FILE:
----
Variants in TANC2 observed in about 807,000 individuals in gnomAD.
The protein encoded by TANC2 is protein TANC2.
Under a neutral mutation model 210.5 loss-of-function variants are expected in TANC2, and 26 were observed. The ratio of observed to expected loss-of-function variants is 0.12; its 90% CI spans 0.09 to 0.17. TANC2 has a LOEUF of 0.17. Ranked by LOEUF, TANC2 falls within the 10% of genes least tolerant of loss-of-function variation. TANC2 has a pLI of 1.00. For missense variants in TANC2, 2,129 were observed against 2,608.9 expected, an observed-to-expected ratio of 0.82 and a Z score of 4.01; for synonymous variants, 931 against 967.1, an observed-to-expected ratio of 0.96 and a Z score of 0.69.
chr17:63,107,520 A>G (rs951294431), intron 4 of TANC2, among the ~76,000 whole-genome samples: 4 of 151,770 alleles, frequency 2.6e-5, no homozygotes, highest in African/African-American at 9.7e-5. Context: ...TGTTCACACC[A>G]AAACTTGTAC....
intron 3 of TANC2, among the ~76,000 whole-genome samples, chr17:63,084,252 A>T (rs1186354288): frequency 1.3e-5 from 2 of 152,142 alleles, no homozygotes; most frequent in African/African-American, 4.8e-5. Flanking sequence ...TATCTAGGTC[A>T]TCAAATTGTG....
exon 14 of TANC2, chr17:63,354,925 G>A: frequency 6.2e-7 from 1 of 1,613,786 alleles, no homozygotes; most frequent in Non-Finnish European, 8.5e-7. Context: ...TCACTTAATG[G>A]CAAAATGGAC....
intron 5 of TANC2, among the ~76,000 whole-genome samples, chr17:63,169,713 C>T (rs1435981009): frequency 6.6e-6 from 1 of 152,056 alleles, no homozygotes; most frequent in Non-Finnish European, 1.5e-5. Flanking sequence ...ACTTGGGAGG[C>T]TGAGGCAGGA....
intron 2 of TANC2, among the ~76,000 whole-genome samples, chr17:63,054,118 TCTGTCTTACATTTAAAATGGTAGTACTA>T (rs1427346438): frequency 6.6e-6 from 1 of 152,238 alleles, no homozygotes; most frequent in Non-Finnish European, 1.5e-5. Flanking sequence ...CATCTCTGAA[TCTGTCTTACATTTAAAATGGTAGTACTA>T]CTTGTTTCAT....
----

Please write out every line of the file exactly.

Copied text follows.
Variants in TANC2 observed in about 807,000 individuals in gnomAD.
The protein encoded by TANC2 is protein TANC2.
Under a neutral mutation model 210.5 loss-of-function variants are expected in TANC2, and 26 were observed. The ratio of observed to expected loss-of-function variants is 0.12; its 90% CI spans 0.09 to 0.17. TANC2 has a LOEUF of 0.17. Ranked by LOEUF, TANC2 falls within the 10% of genes least tolerant of loss-of-function variation. TANC2 has a pLI of 1.00. For missense variants in TANC2, 2,129 were observed against 2,608.9 expected, an observed-to-expected ratio of 0.82 and a Z score of 4.01; for synonymous variants, 931 against 967.1, an observed-to-expected ratio of 0.96 and a Z score of 0.69.
chr17:63,107,520 A>G (rs951294431), intron 4 of TANC2, among the ~76,000 whole-genome samples: 4 of 151,770 alleles, frequency 2.6e-5, no homozygotes, highest in African/African-American at 9.7e-5. Context: ...TGTTCACACC[A>G]AAACTTGTAC....
intron 3 of TANC2, among the ~76,000 whole-genome samples, chr17:63,084,252 A>T (rs1186354288): frequency 1.3e-5 from 2 of 152,142 alleles, no homozygotes; most frequent in African/African-American, 4.8e-5. Flanking sequence ...TATCTAGGTC[A>T]TCAAATTGTG....
exon 14 of TANC2, chr17:63,354,925 G>A: frequency 6.2e-7 from 1 of 1,613,786 alleles, no homozygotes; most frequent in Non-Finnish European, 8.5e-7. Context: ...TCACTTAATG[G>A]CAAAATGGAC....
intron 5 of TANC2, among the ~76,000 whole-genome samples, chr17:63,169,713 C>T (rs1435981009): frequency 6.6e-6 from 1 of 152,056 alleles, no homozygotes; most frequent in Non-Finnish European, 1.5e-5. Flanking sequence ...ACTTGGGAGG[C>T]TGAGGCAGGA....
intron 2 of TANC2, among the ~76,000 whole-genome samples, chr17:63,054,118 TCTGTCTTACATTTAAAATGGTAGTACTA>T (rs1427346438): frequency 6.6e-6 from 1 of 152,238 alleles, no homozygotes; most frequent in Non-Finnish European, 1.5e-5. Flanking sequence ...CATCTCTGAA[TCTGTCTTACATTTAAAATGGTAGTACTA>T]CTTGTTTCAT....